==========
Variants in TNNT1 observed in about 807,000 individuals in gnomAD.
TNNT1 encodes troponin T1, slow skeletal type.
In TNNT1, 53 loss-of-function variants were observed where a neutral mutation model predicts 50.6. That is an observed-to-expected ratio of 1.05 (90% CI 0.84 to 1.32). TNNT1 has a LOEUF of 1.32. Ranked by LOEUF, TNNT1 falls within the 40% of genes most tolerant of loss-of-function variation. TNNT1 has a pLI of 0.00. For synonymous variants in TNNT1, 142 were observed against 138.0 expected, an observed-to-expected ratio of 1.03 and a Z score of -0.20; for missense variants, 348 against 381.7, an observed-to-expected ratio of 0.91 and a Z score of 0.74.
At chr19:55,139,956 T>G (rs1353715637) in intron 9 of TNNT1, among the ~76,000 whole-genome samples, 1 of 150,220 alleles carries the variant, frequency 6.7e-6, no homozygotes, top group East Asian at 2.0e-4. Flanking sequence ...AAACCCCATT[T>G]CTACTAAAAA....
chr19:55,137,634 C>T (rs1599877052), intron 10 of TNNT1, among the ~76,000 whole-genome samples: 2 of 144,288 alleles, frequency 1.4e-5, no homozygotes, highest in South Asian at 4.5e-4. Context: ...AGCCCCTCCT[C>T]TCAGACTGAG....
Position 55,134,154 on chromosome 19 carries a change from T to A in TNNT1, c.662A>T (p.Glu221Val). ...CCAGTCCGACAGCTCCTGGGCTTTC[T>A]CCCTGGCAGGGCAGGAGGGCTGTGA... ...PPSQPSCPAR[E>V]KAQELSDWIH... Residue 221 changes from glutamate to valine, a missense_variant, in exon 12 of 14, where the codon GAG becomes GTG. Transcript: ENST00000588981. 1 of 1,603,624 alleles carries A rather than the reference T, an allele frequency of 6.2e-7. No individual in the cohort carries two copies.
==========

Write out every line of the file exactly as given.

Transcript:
Variants in TNNT1 observed in about 807,000 individuals in gnomAD.
TNNT1 encodes troponin T1, slow skeletal type.
In TNNT1, 53 loss-of-function variants were observed where a neutral mutation model predicts 50.6. That is an observed-to-expected ratio of 1.05 (90% CI 0.84 to 1.32). TNNT1 has a LOEUF of 1.32. Ranked by LOEUF, TNNT1 falls within the 40% of genes most tolerant of loss-of-function variation. TNNT1 has a pLI of 0.00. For synonymous variants in TNNT1, 142 were observed against 138.0 expected, an observed-to-expected ratio of 1.03 and a Z score of -0.20; for missense variants, 348 against 381.7, an observed-to-expected ratio of 0.91 and a Z score of 0.74.
At chr19:55,139,956 T>G (rs1353715637) in intron 9 of TNNT1, among the ~76,000 whole-genome samples, 1 of 150,220 alleles carries the variant, frequency 6.7e-6, no homozygotes, top group East Asian at 2.0e-4. Flanking sequence ...AAACCCCATT[T>G]CTACTAAAAA....
chr19:55,137,634 C>T (rs1599877052), intron 10 of TNNT1, among the ~76,000 whole-genome samples: 2 of 144,288 alleles, frequency 1.4e-5, no homozygotes, highest in South Asian at 4.5e-4. Context: ...AGCCCCTCCT[C>T]TCAGACTGAG....
Position 55,134,154 on chromosome 19 carries a change from T to A in TNNT1, c.662A>T (p.Glu221Val). ...CCAGTCCGACAGCTCCTGGGCTTTC[T>A]CCCTGGCAGGGCAGGAGGGCTGTGA... ...PPSQPSCPAR[E>V]KAQELSDWIH... Residue 221 changes from glutamate to valine, a missense_variant, in exon 12 of 14, where the codon GAG becomes GTG. Transcript: ENST00000588981. 1 of 1,603,624 alleles carries A rather than the reference T, an allele frequency of 6.2e-7. No individual in the cohort carries two copies.